I ducked just in time. Two short explosions followed one on top of the other. The first grenade pulverized everything inside the shack and most of the roof. The grenade at the door destroyed most of the front wall and the guards standing directly in front of it. The pressure and debris took out the other guards but I wasn’t sure if they were dead or not, but they sure as heck were down for a while. The huge sound of a transformer blowing followed the two grenades and what lights had been lit around the camp immediately went out plunging everything into pitch darkness. It was only that dark for a moment however because the glow of the structural fires quickly replaced the artificial light.
I was dazed and banged up. The memorial plaque hadn’t been all that great as a place to hide. My ears were still ringing when my brain finally got the signal through to my legs that they needed to move.
And move is definitely what I needed to do. I could hear all sorts of people hollering, I just couldn’t make out what they were saying. I think it was partly due to my clogged up ears but some of it was because not all of the people were speaking English. I slowly made my way back to the fence section to find Abel and the boys trying to help the weakest prisoners over it.
I reached into my pack and threw a multi-tool at Benji who went to town on the fence, clipping out just enough wires so that people could go through rather than over. Abel took the tool from Benji, obviously not inclined to trust him any more than necessary. I grabbed Benji as he ran by and told him to take people towards Amish Town. “They aren’t going to just going to give charity away – you can’t expect them to put their families in danger – but those that need it can get patched up.”
“Don’t tell me how to thuck eggth Dathey. We were living in them construction portableth at the new thchool thite before we got taken for getting into a fight with thome of Almanzor’th people that came to take what thupplies we had thtashed. We’d left town when Richard King thowed up and my dad figured out what hith game wath. My mom and dad thould thtill be out that way if they’re alive and I plan on finding out. We’ll take thethe other guyth with uth and bury the oneth that don’t make it. You’d better run and find a hole too.”
So saying he grabbed the arm of the guy nearst him and hauled him down a path that lead in the general direction of Amish Town. I almost called to him to tell him about the foot bridge but it would have been a waste of my breath, Benji was even worse about mischief making than I was. If he couldn’t get where he was going one way he’d get there another. I wasn’t the only one that had reason to know where you could cross the river without using the bridges.
Abel picked me up and started walking at a fast but limping clip away from the prison yard. “Hey, I can walk.”
He stopped and put me on my feet behind another building. “Are you sure Querida? You … you do not look so good.”
“Yeah, well you don’t look like you’ve had a walk in the park either.”
He shook his head, “No.” Looking into my face to see if I was fibbing about being OK he said, “We need to get to the warehouse. My gear is there and there are other things that are … useful.”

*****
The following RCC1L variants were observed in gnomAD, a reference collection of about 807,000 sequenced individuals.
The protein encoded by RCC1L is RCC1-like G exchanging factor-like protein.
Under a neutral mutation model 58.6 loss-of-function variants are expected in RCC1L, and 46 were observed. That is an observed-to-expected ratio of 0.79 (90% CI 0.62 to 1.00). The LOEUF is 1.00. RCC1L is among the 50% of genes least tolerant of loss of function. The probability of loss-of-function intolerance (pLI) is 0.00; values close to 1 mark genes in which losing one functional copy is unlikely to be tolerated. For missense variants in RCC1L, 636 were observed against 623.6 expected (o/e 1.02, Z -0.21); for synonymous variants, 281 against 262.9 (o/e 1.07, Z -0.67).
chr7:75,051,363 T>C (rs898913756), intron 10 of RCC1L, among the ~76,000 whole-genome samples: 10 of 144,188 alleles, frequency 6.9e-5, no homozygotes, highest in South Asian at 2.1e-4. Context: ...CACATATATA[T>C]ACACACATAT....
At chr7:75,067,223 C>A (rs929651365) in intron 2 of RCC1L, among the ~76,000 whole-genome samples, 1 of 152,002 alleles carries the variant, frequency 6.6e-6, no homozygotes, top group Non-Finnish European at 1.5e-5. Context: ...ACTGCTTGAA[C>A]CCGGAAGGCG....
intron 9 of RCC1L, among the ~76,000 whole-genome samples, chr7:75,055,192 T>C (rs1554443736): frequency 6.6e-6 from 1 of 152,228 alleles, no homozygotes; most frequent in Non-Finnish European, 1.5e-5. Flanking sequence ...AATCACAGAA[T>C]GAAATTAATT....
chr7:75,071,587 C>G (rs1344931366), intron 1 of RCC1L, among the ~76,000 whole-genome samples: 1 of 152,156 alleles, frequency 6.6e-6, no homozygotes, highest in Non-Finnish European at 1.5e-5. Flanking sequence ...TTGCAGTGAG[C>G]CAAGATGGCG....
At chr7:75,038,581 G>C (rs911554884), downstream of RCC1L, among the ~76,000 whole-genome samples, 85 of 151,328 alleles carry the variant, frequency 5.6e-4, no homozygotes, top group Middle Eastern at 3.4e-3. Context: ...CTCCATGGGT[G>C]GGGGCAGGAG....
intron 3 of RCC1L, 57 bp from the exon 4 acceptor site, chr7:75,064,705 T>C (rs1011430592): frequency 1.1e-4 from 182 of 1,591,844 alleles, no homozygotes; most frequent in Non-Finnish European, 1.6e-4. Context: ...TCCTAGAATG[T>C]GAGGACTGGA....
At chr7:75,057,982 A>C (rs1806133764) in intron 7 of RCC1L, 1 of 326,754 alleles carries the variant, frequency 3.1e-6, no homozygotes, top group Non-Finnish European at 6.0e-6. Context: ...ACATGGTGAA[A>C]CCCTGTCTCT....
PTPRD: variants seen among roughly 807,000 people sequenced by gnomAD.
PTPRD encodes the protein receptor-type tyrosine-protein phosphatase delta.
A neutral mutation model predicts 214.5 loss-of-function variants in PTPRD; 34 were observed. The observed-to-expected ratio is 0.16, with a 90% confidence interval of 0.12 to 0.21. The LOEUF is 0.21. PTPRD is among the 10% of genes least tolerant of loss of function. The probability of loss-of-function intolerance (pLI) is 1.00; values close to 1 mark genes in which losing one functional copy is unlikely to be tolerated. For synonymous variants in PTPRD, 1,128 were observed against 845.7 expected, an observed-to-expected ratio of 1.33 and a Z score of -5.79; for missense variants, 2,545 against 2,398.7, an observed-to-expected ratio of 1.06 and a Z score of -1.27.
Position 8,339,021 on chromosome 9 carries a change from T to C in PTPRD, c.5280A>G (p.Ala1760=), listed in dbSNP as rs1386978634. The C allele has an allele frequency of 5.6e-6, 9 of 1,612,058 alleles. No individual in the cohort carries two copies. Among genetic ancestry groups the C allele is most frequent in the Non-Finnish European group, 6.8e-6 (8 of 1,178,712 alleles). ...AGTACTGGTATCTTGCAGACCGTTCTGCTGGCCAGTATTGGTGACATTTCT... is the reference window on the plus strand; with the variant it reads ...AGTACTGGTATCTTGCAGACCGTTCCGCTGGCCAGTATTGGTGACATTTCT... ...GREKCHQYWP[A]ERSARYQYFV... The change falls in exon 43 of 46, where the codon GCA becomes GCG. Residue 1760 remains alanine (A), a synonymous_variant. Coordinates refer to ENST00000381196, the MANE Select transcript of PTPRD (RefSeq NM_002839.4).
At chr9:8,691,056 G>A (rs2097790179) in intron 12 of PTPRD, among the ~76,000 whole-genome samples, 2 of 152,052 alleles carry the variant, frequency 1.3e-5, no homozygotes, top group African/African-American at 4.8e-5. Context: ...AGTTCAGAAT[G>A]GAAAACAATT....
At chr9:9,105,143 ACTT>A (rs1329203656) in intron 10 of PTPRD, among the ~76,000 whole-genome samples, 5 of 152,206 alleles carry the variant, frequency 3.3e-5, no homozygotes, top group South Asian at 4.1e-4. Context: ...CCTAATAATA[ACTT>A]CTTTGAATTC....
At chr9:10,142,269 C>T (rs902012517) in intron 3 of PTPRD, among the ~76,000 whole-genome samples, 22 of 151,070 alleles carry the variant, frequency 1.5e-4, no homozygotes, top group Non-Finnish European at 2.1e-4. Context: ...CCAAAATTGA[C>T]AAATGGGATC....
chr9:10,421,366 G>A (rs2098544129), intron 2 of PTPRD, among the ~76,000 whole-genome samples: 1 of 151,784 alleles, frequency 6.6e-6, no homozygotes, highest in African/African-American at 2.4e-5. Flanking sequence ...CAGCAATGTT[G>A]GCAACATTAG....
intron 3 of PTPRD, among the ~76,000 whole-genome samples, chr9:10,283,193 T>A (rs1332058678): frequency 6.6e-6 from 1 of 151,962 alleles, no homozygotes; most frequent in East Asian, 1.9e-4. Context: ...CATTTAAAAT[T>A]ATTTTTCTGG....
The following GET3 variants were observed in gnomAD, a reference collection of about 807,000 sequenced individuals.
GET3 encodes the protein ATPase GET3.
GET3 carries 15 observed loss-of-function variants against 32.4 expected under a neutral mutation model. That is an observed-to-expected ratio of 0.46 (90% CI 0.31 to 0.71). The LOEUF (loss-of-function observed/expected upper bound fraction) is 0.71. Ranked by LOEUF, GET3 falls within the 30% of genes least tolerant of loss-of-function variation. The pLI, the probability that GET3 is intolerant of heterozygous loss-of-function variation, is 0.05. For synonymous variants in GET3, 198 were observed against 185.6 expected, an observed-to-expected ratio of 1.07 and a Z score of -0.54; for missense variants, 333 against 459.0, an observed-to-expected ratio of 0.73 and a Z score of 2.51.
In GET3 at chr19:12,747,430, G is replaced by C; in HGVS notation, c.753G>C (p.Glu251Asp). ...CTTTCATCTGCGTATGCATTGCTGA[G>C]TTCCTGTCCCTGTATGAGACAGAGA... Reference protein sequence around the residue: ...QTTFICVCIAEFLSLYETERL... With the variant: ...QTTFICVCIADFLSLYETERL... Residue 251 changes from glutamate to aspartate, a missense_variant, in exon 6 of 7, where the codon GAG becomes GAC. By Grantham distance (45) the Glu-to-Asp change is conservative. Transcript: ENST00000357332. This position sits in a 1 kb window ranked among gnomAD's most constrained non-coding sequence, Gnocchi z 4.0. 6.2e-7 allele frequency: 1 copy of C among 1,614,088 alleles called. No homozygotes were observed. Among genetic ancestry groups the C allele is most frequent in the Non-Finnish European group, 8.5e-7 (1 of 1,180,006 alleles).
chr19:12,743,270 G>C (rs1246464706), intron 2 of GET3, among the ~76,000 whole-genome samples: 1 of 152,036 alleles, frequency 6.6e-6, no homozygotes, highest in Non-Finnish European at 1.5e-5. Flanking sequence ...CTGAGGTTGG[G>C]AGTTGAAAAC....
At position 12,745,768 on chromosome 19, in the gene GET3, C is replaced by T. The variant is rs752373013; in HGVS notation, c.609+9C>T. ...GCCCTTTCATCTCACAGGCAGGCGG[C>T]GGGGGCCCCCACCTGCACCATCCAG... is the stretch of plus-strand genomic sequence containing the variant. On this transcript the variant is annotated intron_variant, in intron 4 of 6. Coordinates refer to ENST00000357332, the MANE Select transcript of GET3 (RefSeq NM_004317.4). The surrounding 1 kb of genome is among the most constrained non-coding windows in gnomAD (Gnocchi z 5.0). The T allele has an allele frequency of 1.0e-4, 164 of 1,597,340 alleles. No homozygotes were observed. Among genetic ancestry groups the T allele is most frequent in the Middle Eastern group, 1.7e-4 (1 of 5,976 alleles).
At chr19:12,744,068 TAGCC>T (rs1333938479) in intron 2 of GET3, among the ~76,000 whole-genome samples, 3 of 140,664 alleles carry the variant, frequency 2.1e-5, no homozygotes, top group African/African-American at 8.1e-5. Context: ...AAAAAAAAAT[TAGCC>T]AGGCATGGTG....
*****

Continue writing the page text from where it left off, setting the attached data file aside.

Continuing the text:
“Fine,” I mumbled.
Concerned he asked, “What is wrong?”
I told him, “This isn’t going the way I expected it to. I don’t know if people are going to the interstate or if they’re going into the woods. I don’t know if we’ve done any good at all. I lost crazy Richard in the crowd and now we don’t know where Hakim is at.”
We began limping towards the warehouse in question when Abel said, “Battles never go exactly as planned. And this one is not over yet so do not give up.”
I tried to remember that as we got near our destination. Men were running every which direction and in and out of the warehouse too. I sighed, “Looks like we’ve started a war for real.”
After a moment Abel said, “No. Look. Men go in but they come out with only what they can carry and then run off. I think we’ve done it Querida. Hakim’s men are deserting him and taking what they can before they flee.”
That is when several men ran up and started shooting and punishing those that had been taking stuff out of the warehouse. I heard Abel give a sharp, indrawn breath. I knew one of them must be Hakim but I didn’t know which one. Abel was cursing the lack of a gun. I knew what I had to do. I took my compound bow off my pack and took out three broadhead tipped arrows.
In a calm voice I said, “Tell me which one he is Abel.”
“What? Day-ce …”
I shook my head. “We’re wasting time. This way we’ll know for sure and won’t have to hunt him down again.”
Abel closed his eyes briefly then nodded once. He pointed out a man that looked just a little younger than my father had been. I had expected someone imposing looking but he just looked … ordinary. He was short, maybe five foot seven. His skin looked like old leather and his hair, or at least his beard, was streaked with gray. He was dressed in faded military fatigues but he also wore one of those strange scarves on his head. He was just a no-body that had gone and tried to be a somebody for a while. Well his time was up.
The glow from all of the fires gave me enough light to shoot by but the shadows were bad. The first arrow took him in the leg, well below what I was aiming at, spinning him away into a crouch. The second arrow caught him in the back and he stood back up, arching, and spun to face me again. He was reaching for the arrow in his back when the third arrow sunk deep into his heart. He jumped like someone had goosed him and then fell forward burying the shaft even deeper into his chest.
The men all around him had finally noticed his death dance and there was silence for a moment and then they grabbed what they could and ran just like the others before them.